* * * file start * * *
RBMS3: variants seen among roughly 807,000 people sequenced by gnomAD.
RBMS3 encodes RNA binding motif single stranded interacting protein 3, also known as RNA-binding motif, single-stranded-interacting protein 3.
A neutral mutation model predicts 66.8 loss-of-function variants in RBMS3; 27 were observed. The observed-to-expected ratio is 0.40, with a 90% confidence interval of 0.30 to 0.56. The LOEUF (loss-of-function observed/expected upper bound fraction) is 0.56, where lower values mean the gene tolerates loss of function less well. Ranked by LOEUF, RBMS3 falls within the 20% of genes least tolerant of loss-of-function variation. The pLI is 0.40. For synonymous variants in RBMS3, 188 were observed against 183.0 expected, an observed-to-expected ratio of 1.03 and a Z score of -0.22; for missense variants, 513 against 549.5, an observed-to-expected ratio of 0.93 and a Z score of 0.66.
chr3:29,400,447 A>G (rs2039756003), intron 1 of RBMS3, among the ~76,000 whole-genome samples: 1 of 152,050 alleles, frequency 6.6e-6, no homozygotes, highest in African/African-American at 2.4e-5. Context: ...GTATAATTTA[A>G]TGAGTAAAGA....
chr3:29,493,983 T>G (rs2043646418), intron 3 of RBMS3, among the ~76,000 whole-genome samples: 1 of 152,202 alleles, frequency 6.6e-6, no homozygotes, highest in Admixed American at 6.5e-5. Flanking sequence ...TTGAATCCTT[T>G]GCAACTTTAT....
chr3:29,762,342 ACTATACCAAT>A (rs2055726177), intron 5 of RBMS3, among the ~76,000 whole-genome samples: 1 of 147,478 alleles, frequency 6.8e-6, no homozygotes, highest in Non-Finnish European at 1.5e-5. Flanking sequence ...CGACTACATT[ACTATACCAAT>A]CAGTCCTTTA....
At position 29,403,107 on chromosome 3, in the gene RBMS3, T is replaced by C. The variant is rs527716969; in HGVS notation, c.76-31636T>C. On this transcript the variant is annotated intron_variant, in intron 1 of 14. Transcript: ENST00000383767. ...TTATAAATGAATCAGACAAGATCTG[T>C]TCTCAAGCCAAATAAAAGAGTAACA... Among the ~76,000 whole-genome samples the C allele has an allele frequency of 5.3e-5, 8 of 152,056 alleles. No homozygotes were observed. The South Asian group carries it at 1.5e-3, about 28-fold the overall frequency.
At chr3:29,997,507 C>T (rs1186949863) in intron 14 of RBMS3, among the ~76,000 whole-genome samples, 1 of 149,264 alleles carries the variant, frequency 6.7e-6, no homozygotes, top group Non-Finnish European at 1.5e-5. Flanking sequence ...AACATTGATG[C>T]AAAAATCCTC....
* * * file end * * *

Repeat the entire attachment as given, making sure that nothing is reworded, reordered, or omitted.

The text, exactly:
RBMS3: variants seen among roughly 807,000 people sequenced by gnomAD.
RBMS3 encodes RNA binding motif single stranded interacting protein 3, also known as RNA-binding motif, single-stranded-interacting protein 3.
A neutral mutation model predicts 66.8 loss-of-function variants in RBMS3; 27 were observed. The observed-to-expected ratio is 0.40, with a 90% confidence interval of 0.30 to 0.56. The LOEUF (loss-of-function observed/expected upper bound fraction) is 0.56, where lower values mean the gene tolerates loss of function less well. Ranked by LOEUF, RBMS3 falls within the 20% of genes least tolerant of loss-of-function variation. The pLI is 0.40. For synonymous variants in RBMS3, 188 were observed against 183.0 expected, an observed-to-expected ratio of 1.03 and a Z score of -0.22; for missense variants, 513 against 549.5, an observed-to-expected ratio of 0.93 and a Z score of 0.66.
chr3:29,400,447 A>G (rs2039756003), intron 1 of RBMS3, among the ~76,000 whole-genome samples: 1 of 152,050 alleles, frequency 6.6e-6, no homozygotes, highest in African/African-American at 2.4e-5. Context: ...GTATAATTTA[A>G]TGAGTAAAGA....
chr3:29,493,983 T>G (rs2043646418), intron 3 of RBMS3, among the ~76,000 whole-genome samples: 1 of 152,202 alleles, frequency 6.6e-6, no homozygotes, highest in Admixed American at 6.5e-5. Flanking sequence ...TTGAATCCTT[T>G]GCAACTTTAT....
chr3:29,762,342 ACTATACCAAT>A (rs2055726177), intron 5 of RBMS3, among the ~76,000 whole-genome samples: 1 of 147,478 alleles, frequency 6.8e-6, no homozygotes, highest in Non-Finnish European at 1.5e-5. Flanking sequence ...CGACTACATT[ACTATACCAAT>A]CAGTCCTTTA....
At position 29,403,107 on chromosome 3, in the gene RBMS3, T is replaced by C. The variant is rs527716969; in HGVS notation, c.76-31636T>C. On this transcript the variant is annotated intron_variant, in intron 1 of 14. Transcript: ENST00000383767. ...TTATAAATGAATCAGACAAGATCTG[T>C]TCTCAAGCCAAATAAAAGAGTAACA... Among the ~76,000 whole-genome samples the C allele has an allele frequency of 5.3e-5, 8 of 152,056 alleles. No homozygotes were observed. The South Asian group carries it at 1.5e-3, about 28-fold the overall frequency.
At chr3:29,997,507 C>T (rs1186949863) in intron 14 of RBMS3, among the ~76,000 whole-genome samples, 1 of 149,264 alleles carries the variant, frequency 6.7e-6, no homozygotes, top group Non-Finnish European at 1.5e-5. Flanking sequence ...AACATTGATG[C>T]AAAAATCCTC....